Phemphigus Vulgaris
Neha Bansal
MBBS, KEM Hospital, Mumbai, India
First Created: 01/02/2013 

Introduction

Definition:

Phemphix means bubbles or blisters in Greek. Pemphigus Vulgaris refers to the blistering auto-immune disease of the skin and mucous membranes.1

Pathogenesis:

It is caused due to the auto-antibodies to the desmogleins (desmoglein 3), which are intracellular adhesion proteins.1-3 This results in the damaged cell to cell adhesions and hence, the formation of blisters and ulcers.2 Even though it is thought to be genetically transmitted, some of the etiological agents considered are garlic in diet, drugs with sulfhydryl radical, cosmetics, Human herpesvirus -8 (HHV-8) and is often associated with myasthenia gravis.2

Signs & Symptoms:

May start with ocular symptoms, though long term complications rarely occur. Oral mucosa is most commonly involved with ulcerations and blister formation1,2, and skin blisters show Nikolsky sign (peeling of epithelium on tangential pressure).1 The milder form known as Pemphigus foliaceous affects the more superficial layer and the blisters crust over the face, upper chest, and usually don't involve the mucosa.1,3 It should be considered in cases of chronic mucositis in children and adolescent population.

Age groups affected:

Usually affects older age group (40-60 yrs) and is rare in children. However, cases have been reported. A transient form is seen in neonates of affected mothers. It is most commonly seen in the Ashkenazi Jewish population.1,2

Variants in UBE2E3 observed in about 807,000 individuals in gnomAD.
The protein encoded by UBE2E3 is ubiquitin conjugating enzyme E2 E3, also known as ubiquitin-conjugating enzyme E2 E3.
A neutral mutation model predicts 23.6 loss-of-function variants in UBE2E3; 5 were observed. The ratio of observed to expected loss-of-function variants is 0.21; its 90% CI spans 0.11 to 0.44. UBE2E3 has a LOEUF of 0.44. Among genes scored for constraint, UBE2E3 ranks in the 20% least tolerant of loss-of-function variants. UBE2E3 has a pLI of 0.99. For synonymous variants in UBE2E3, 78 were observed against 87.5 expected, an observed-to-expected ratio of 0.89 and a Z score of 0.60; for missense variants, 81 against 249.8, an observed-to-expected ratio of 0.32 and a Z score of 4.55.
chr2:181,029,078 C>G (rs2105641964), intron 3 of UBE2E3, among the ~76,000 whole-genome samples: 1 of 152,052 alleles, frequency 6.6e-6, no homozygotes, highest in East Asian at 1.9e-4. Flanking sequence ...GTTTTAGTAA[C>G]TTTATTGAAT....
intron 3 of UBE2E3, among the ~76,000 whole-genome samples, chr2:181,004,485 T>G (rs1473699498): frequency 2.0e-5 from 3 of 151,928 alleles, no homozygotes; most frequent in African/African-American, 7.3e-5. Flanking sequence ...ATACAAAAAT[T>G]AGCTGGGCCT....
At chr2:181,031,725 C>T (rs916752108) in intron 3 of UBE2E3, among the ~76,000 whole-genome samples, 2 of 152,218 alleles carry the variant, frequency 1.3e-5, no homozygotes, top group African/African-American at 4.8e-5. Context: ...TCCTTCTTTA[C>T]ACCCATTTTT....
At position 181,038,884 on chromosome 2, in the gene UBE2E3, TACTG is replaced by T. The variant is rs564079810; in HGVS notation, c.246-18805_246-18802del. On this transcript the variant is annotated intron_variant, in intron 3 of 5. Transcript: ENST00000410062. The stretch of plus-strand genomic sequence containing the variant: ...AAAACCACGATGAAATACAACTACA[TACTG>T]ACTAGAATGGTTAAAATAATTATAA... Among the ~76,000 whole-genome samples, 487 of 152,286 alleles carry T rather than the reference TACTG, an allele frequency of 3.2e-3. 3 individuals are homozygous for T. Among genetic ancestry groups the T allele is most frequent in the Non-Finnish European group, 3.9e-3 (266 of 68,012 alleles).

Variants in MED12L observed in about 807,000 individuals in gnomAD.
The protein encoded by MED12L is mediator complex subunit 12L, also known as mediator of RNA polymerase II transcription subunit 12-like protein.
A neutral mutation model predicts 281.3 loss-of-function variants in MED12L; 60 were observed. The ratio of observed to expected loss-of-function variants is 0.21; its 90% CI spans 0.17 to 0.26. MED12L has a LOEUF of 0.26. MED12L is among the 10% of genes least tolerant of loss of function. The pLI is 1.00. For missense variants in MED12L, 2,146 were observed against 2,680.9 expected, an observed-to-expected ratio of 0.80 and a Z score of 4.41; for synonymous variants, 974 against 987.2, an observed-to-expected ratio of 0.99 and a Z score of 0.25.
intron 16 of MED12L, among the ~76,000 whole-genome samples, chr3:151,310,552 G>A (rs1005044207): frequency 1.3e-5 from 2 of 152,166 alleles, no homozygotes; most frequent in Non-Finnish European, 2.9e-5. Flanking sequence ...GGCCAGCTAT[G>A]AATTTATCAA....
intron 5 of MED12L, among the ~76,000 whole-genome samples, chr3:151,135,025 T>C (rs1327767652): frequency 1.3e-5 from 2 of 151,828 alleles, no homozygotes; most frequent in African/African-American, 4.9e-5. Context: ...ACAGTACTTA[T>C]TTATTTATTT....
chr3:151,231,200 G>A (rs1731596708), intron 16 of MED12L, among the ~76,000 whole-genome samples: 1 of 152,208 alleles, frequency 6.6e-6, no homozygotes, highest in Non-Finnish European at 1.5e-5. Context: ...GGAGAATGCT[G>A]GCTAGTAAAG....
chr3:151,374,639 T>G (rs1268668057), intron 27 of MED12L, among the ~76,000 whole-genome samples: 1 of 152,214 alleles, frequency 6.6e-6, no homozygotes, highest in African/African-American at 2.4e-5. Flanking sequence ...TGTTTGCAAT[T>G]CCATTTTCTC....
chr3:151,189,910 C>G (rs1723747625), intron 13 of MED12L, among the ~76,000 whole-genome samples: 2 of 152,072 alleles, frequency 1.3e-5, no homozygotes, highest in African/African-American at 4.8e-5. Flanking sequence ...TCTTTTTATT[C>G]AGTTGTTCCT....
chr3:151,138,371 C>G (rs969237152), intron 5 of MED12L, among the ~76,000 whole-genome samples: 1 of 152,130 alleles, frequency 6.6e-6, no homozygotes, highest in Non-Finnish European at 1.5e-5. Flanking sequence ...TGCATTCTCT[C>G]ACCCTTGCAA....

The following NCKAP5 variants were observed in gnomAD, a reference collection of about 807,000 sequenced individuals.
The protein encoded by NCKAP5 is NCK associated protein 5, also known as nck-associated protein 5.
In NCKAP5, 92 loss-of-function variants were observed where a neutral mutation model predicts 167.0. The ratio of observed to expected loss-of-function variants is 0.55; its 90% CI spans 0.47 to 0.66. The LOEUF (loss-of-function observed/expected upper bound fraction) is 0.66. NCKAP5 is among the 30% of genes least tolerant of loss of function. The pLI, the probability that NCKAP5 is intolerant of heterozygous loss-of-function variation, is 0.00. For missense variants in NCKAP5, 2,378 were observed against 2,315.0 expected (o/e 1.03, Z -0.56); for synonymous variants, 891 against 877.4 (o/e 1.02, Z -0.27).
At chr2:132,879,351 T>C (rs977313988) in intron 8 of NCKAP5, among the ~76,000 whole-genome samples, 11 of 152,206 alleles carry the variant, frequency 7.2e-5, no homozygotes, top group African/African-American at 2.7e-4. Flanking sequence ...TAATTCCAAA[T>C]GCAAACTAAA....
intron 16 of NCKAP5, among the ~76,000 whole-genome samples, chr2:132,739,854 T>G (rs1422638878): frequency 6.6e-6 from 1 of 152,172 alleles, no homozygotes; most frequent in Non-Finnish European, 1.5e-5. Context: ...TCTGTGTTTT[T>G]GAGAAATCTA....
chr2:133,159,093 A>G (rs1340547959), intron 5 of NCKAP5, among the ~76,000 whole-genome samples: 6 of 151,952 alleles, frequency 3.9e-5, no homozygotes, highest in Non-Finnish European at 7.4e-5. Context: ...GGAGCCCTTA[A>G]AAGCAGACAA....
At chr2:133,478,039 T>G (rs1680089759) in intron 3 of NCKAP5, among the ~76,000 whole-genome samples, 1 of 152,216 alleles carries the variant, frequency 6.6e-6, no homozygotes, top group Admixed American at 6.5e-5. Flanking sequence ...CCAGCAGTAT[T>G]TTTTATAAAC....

Phemphigus Vulgaris - Differential Diagnosis

Stevens-Johnson syndrome, aphthous stomatitis, herpes simplex virus infection, impetigo, contact dermatitis, Behcet's disease

Phemphigus Vulgaris - Diagnosis

Perilesional or oral mucosal biopsy. IgG or complement detection by immunofluorescence in intercellular cells of the epidermis.1 ELISA for antibodies to Dsg-1 & Dsg-3 is now available.2

Treatment

It was fatal before the development of immune-suppressants due to dehydration or secondary infections.1, 2 High dose steroids (1-6 mg/kg/day) are usually the drug of choice.1,2 Adjuvant therapy with other immune-suppressant drugs like cyclosporine, cyclophosphamide, methotrexate, dapsone, IVIG can be tried.1,2 For milder forms, topical steroid therapy can suffice.2


1. Merchant S, Weinstein M. Pemphigus Vulgaris: The Eyes Have It. Pediatrics 2003; 112; 183-185.
2. Scully C, Challacombe SJ. Pemphigus vulgaris: update on etiopathogenesis, oral manifestations, and management. Crit Rev Oral Biol Med. 2002; 13: 397-408.
3. Mahoney MG, Wang Z, Rothenberger K, Koch PJ, Amagai M, Stanley JR. Explanations for the clinical and microscopic localization of lesions in pemphigus foliaceus and vulgaris. J Clin Invest. 1999; 103: 461-468.


Phemphigus Vulgaris Phemphigus Vulgaris 01/02/2013
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